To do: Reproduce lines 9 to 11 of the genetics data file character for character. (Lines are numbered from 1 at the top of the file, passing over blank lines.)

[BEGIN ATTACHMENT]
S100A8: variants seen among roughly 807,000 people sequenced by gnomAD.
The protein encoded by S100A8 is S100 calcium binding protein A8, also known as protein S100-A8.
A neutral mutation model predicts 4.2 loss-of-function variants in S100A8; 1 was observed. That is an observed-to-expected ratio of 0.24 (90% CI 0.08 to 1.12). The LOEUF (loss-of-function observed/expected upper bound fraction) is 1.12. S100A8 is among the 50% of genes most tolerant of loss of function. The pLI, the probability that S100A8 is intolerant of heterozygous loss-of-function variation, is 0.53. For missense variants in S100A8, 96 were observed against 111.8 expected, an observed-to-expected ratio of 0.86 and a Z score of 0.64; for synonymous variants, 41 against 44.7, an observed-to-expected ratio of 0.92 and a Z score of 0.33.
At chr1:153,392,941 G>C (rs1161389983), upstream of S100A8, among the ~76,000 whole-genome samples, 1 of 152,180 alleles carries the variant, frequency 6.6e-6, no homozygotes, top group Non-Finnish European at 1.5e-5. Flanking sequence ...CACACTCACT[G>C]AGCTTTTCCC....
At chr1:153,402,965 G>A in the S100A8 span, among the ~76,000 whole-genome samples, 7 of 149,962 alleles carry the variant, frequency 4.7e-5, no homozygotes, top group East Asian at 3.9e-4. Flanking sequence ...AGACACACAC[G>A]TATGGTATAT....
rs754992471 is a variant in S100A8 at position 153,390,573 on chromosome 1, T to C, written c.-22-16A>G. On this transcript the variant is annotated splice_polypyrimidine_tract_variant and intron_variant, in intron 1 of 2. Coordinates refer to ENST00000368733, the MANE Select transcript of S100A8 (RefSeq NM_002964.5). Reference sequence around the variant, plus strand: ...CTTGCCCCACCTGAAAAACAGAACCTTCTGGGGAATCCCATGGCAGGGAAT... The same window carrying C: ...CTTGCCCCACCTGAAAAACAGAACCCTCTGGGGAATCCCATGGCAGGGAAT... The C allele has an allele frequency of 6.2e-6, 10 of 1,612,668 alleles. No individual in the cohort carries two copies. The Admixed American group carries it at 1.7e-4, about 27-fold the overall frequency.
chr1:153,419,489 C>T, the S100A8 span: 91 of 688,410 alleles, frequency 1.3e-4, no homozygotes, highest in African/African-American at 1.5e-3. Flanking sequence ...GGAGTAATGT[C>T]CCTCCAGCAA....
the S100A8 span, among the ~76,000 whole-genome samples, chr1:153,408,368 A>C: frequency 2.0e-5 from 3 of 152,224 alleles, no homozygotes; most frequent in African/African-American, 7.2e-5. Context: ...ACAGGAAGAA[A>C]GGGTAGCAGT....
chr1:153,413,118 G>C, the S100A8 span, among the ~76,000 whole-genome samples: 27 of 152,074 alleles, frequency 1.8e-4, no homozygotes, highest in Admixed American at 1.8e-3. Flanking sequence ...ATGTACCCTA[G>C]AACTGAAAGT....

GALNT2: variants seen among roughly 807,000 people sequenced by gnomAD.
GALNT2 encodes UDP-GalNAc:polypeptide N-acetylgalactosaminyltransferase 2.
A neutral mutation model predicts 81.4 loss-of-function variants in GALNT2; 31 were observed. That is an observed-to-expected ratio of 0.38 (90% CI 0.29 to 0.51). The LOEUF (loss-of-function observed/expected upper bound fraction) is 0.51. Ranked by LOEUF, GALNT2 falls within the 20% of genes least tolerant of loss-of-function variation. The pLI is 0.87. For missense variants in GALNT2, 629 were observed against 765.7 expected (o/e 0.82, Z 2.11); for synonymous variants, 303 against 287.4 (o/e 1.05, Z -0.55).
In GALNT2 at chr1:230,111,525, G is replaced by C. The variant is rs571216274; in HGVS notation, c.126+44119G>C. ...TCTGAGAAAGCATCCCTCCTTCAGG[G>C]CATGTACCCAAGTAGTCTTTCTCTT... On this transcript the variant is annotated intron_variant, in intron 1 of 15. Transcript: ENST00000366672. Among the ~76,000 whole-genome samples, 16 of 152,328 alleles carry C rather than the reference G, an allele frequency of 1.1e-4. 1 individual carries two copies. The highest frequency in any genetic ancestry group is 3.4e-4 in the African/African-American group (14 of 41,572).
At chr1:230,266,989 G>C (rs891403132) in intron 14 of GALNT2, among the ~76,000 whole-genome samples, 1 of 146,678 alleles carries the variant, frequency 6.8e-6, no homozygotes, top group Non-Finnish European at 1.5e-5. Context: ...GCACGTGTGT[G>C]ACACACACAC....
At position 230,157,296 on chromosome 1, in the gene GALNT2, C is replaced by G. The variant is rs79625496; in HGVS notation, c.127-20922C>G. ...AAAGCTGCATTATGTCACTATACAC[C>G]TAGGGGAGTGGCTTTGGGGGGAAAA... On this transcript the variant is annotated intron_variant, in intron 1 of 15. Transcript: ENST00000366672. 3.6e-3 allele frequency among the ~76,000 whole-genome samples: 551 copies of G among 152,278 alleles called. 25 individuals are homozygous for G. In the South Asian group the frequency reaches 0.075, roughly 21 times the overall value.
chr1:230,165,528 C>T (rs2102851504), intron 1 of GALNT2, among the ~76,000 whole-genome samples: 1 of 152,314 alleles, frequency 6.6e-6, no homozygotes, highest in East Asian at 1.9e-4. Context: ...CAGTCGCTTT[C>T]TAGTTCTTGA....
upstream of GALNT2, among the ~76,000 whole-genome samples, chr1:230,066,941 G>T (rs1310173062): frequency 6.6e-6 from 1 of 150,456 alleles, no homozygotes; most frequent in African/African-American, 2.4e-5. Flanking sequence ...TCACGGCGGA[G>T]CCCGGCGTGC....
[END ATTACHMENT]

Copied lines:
chr1:153,413,118 G>C, the S100A8 span, among the ~76,000 whole-genome samples: 27 of 152,074 alleles, frequency 1.8e-4, no homozygotes, highest in Admixed American at 1.8e-3. Flanking sequence ...ATGTACCCTA[G>C]AACTGAAAGT....

GALNT2: variants seen among roughly 807,000 people sequenced by gnomAD.
GALNT2 encodes UDP-GalNAc:polypeptide N-acetylgalactosaminyltransferase 2.